A couple decades ago I stayed at a friend's and loved the way his family's brand new stack stereo outfit ushered grace to every room of the house. I was so impressed that, once home, I took my family out to Best Buy and bought a Sony stack three feet wide and two feet tall, complete with two speakers so big we could barely get the whole outfit in the station wagon.
We set it up in the living room, stuck those massive speakers behind the couch, and flipped it on. Beautiful. Great sound. But the truth is, we didn't use it all that much, no more than we used the living room in this old house.
That was 20 years ago. For some time now, our children--who are no longer kids--giggle at that bulky old, big-as-a-love-seat Sony. Today, music lovers get great sound out of a wrist watch. Having a stack system that huge is, well, flat-out silly--even embarrassing. I'm old enough to read mockery quite personally, and since it's easier to get rid of the Sony than to call in the grizzlies, like Elijah did, we simply decided to get rid of the doddering monster.
I don't have a day of Depression-era skimping in me, but I was reared by a couple who did, including a mother who remembers her father crying about where his next buck is coming from. What I'm saying is, it wasn't easy to get rid of that old Sony, not because it brought back such great memories, or because it was in perfect shape (the amp was tempermental anyway) or because it was such a lovely piece of furniture.
I took off the glass door, dismantled what I could of it, and hauled it away, in pieces, on a day the city was running a program through which people could dump their left-over electronics--TVs, computers, printers, and what not--for free.
Just not the speakers.
I don't have a stomach for dumping stuff that still works. Call me a Calvinist or Silas Marner or whatever you'd like, but I hate "planned obsolescence." I mean, I didn't shed tears or anything, but, after all, with some coaxing the thing still worked, sort of. I was dumping that old thing because of the derision, I think--"ha ha, look at Mom and Dad's dorky stereo." Well, pardon me for living.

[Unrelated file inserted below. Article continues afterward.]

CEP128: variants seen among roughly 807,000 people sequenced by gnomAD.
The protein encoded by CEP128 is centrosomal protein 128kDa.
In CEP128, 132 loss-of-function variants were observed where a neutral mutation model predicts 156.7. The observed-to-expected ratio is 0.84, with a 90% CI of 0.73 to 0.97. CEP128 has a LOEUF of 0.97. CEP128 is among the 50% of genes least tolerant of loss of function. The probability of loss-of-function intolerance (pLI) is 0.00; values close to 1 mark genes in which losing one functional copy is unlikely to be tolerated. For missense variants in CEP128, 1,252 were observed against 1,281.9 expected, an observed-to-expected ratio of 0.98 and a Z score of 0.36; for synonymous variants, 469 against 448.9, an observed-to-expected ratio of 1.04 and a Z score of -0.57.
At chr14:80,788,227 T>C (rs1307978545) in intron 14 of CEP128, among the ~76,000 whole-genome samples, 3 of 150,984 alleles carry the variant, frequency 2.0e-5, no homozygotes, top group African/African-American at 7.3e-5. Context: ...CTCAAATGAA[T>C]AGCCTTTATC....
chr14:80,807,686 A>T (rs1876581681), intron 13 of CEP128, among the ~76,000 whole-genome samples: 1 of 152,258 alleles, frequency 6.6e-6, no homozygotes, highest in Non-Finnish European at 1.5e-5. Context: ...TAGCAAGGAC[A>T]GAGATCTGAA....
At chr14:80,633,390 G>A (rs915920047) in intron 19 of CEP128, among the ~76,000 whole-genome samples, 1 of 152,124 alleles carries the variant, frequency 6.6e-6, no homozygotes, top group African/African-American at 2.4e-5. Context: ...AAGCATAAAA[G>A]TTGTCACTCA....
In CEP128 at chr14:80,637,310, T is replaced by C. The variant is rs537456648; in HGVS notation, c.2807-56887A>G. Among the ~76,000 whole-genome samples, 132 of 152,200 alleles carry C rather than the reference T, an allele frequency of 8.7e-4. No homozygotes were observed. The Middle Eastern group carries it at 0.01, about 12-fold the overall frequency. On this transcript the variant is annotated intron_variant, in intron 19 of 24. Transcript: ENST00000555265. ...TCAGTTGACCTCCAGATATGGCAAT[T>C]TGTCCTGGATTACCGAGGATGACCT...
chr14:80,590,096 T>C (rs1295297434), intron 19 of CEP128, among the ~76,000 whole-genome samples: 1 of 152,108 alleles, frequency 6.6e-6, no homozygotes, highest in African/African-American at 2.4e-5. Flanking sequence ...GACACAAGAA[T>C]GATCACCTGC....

But the speakers--those huge, powerful speakers--I just couldn't dump 'em. I remember my father scowling at the "Strawberry Fields" when they wailed out of the first stereo I ever owned, years ago. I got in trouble at the Christian college where I attended for playing Simon and Garfunkle so loud people could hear it in the President's Office. The speakers could move mountains. Besides, they contained no electronic circutry, no lead, no landfill contaminants, I told myself. I can't just dump them.
So I set them outside, a comprimise. It was garage-day sale time in town, and the streets were full of bargain hunters. We put a "free" sign on 'em, and I set 'em out front.
It was raining slightly, which I'm sure wasn't good for the two of them, but I lugged them out there, stood them up on the grass, where they stood, sadly, leaning into each other as if sharing mutual grief.
For about fifteen minutes.
Some guy in a car came by, opened his trunk, and that was it. They were gone.
I felt like a saint. The Sony stack is history, I'll bear no more grief from my kids, but someplace, somewhere, those great old speakers are still turning out sound, filling the house with the joy the way they were meant to, way back when. Somebody grabbed 'em right off the street, and it didn't even take a half hour, and I'm thrilled that they're still of some use.
Made my day.
Shoot, I'm still smiling.